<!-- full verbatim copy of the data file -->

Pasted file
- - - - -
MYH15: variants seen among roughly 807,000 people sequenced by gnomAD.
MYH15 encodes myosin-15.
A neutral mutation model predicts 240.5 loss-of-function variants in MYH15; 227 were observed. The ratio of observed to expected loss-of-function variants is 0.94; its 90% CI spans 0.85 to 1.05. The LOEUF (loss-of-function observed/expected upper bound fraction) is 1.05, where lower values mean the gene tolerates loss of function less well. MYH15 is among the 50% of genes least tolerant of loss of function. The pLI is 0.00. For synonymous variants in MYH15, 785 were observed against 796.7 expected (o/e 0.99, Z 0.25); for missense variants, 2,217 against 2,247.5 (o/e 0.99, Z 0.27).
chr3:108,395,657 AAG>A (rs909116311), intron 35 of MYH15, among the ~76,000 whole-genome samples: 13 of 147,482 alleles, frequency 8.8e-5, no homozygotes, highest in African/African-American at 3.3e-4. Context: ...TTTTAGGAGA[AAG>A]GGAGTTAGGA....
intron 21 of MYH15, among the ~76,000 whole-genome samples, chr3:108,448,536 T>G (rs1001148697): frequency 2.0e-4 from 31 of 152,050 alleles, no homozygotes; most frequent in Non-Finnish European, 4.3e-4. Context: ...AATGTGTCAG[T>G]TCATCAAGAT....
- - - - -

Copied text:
MYH15: variants seen among roughly 807,000 people sequenced by gnomAD.
MYH15 encodes myosin-15.
A neutral mutation model predicts 240.5 loss-of-function variants in MYH15; 227 were observed. The ratio of observed to expected loss-of-function variants is 0.94; its 90% CI spans 0.85 to 1.05. The LOEUF (loss-of-function observed/expected upper bound fraction) is 1.05, where lower values mean the gene tolerates loss of function less well. MYH15 is among the 50% of genes least tolerant of loss of function. The pLI is 0.00. For synonymous variants in MYH15, 785 were observed against 796.7 expected (o/e 0.99, Z 0.25); for missense variants, 2,217 against 2,247.5 (o/e 0.99, Z 0.27).
chr3:108,395,657 AAG>A (rs909116311), intron 35 of MYH15, among the ~76,000 whole-genome samples: 13 of 147,482 alleles, frequency 8.8e-5, no homozygotes, highest in African/African-American at 3.3e-4. Context: ...TTTTAGGAGA[AAG>A]GGAGTTAGGA....
intron 21 of MYH15, among the ~76,000 whole-genome samples, chr3:108,448,536 T>G (rs1001148697): frequency 2.0e-4 from 31 of 152,050 alleles, no homozygotes; most frequent in Non-Finnish European, 4.3e-4. Context: ...AATGTGTCAG[T>G]TCATCAAGAT....